The CHF14bn (€11.4bn) pension fund for Swiss bank Credit Suisse has reported a return of more than 1.6% for 2015, well above the market average of just under 1%.
As per December 2015, the Credit Suisse Pensionskasse’s funding level stood at 110%.
To ensure the sustainability of its funding, the scheme adjusted its technical parameters from 2016, as many other funds have done over the past year.
The discount rate, or technischer Zins, applied to active members’ liabilities was reduced from 3% to 2%.
Additionally, the fund switched from periodic to generation tables to calculate longevity risk.
The Credit Suisse Pensionskasse also announced plans to introduce individual investment choices for pension fund members with contributions above a certain threshold.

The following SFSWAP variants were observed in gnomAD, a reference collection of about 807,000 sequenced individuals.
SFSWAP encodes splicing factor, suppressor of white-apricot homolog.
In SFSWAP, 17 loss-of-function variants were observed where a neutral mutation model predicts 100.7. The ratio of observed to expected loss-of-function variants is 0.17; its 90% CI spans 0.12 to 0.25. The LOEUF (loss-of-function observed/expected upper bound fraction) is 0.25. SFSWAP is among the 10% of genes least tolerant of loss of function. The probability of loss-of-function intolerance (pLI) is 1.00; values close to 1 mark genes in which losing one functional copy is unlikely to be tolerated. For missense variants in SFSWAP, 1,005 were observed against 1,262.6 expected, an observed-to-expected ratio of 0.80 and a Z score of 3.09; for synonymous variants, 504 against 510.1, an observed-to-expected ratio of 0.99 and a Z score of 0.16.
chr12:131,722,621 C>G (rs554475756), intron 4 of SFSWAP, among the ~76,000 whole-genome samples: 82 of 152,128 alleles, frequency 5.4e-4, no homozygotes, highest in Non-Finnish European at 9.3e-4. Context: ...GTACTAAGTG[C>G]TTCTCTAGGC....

Under these so-called 1e-plans, named after the relevant paragraph in the BVV2 investment regulations, pension funds can introduce up to three different risk profiles for people with higher income.
However, Martin Wagner, managing director at the Credit Suisse Pensionskasse, said at a recent conference in Zurich that it was a “shame we are only allowed to offer three different choices”.
He added: “People want to individualise themselves and their financial matters”.
Also speaking at the conference, organised by supervisor BVS, Willi Thurnherr, chief executive at Aon Hewitt in Switzerland, said 1e legislation was still under review and in need of a number of amendments.
The government, he said, has yet to define the “risk-free investments” to be used in at least one of the choices.
Thurnherr said these individual choices for members could “help ease the burden on companies’ balance sheets”, but he warned they might also be “the beginning of the end of guarantees for members”.
He said this was “certainly not where we want to get to” in Switzerland.